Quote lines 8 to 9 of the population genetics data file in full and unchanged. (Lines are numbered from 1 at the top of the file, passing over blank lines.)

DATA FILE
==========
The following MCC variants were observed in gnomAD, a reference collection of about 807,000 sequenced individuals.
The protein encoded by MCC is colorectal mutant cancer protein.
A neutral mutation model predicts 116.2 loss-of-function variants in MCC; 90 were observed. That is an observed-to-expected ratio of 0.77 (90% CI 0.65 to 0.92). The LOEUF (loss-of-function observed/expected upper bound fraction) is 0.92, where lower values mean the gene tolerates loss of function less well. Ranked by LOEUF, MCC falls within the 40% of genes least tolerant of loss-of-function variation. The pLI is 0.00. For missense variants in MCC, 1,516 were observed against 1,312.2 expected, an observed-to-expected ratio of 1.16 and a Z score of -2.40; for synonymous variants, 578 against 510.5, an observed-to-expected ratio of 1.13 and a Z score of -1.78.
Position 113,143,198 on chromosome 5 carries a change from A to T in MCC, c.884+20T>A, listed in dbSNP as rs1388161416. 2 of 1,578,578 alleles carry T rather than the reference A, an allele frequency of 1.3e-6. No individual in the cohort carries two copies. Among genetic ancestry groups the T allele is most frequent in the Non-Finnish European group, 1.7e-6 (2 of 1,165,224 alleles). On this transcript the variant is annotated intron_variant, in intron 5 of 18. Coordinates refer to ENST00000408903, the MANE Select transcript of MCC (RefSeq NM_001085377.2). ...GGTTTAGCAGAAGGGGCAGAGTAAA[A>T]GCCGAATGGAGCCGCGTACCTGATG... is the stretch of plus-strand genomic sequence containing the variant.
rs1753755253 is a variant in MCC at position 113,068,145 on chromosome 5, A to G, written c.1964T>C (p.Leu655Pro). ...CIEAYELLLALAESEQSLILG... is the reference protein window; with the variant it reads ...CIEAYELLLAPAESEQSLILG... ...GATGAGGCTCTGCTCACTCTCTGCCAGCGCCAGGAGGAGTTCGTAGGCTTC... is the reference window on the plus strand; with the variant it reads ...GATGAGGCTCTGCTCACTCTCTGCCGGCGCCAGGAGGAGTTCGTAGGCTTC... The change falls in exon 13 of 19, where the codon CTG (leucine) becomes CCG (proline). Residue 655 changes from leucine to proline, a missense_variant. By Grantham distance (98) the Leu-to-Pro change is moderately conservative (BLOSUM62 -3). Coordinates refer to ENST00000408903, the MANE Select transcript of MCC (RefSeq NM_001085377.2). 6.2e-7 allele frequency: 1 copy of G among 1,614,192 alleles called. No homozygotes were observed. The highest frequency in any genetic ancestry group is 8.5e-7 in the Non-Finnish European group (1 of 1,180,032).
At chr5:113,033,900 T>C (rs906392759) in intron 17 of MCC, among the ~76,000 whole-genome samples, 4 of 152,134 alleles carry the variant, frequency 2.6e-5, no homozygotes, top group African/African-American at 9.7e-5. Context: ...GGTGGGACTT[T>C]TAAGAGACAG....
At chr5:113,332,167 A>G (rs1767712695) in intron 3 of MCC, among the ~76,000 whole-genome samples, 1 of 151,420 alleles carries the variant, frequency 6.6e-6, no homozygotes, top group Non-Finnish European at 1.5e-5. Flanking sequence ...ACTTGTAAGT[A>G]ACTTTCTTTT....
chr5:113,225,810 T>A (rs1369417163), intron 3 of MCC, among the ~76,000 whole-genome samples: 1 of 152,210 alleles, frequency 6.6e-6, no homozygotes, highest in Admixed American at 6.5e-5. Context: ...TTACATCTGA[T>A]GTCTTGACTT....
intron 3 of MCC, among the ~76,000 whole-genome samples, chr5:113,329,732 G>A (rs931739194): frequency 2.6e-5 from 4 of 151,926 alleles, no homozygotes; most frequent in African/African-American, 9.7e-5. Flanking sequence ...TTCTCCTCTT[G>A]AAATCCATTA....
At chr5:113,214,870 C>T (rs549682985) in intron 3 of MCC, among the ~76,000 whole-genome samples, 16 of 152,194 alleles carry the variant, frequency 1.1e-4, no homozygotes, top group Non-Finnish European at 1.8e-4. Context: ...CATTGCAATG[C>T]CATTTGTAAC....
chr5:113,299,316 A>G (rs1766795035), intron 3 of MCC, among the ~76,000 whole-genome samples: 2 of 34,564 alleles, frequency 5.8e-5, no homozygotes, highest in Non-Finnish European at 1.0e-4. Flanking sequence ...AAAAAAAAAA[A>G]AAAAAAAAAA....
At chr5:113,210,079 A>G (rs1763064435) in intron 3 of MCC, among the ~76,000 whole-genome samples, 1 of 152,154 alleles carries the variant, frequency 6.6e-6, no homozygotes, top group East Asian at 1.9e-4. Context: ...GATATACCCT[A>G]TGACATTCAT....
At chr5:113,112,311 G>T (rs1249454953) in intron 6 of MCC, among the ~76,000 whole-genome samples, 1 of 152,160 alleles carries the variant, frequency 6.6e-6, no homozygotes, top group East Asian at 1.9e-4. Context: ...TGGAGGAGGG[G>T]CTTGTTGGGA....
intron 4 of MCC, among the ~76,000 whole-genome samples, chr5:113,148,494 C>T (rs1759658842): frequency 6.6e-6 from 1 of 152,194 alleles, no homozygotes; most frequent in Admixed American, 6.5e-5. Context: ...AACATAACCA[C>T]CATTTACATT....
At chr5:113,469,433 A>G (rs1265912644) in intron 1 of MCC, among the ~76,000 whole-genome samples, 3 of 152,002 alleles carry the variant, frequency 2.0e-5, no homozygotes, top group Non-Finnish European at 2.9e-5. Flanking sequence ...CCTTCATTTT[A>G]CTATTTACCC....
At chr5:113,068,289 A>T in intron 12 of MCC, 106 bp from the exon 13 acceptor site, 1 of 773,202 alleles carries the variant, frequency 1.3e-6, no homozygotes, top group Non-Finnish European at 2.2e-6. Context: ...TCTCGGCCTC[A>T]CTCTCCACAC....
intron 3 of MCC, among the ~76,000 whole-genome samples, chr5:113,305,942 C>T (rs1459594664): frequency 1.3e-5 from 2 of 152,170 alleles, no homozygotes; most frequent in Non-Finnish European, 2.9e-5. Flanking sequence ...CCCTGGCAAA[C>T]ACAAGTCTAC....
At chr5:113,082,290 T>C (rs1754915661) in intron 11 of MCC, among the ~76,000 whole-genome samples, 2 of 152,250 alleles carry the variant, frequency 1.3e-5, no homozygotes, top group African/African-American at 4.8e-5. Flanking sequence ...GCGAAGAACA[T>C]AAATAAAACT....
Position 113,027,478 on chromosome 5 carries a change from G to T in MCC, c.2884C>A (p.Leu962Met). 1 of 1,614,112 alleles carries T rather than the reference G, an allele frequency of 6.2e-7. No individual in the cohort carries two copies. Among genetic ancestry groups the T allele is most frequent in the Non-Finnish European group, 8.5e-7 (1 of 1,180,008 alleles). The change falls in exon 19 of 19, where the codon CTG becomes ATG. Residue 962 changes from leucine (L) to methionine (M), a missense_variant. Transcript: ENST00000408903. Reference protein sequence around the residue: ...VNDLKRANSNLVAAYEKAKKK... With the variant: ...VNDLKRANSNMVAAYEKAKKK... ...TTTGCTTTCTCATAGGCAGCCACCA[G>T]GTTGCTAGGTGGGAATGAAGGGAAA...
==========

chr5:113,225,810 T>A (rs1369417163), intron 3 of MCC, among the ~76,000 whole-genome samples: 1 of 152,210 alleles, frequency 6.6e-6, no homozygotes, highest in Admixed American at 6.5e-5. Context: ...TTACATCTGA[T>A]GTCTTGACTT....
intron 3 of MCC, among the ~76,000 whole-genome samples, chr5:113,329,732 G>A (rs931739194): frequency 2.6e-5 from 4 of 151,926 alleles, no homozygotes; most frequent in African/African-American, 9.7e-5. Flanking sequence ...TTCTCCTCTT[G>A]AAATCCATTA....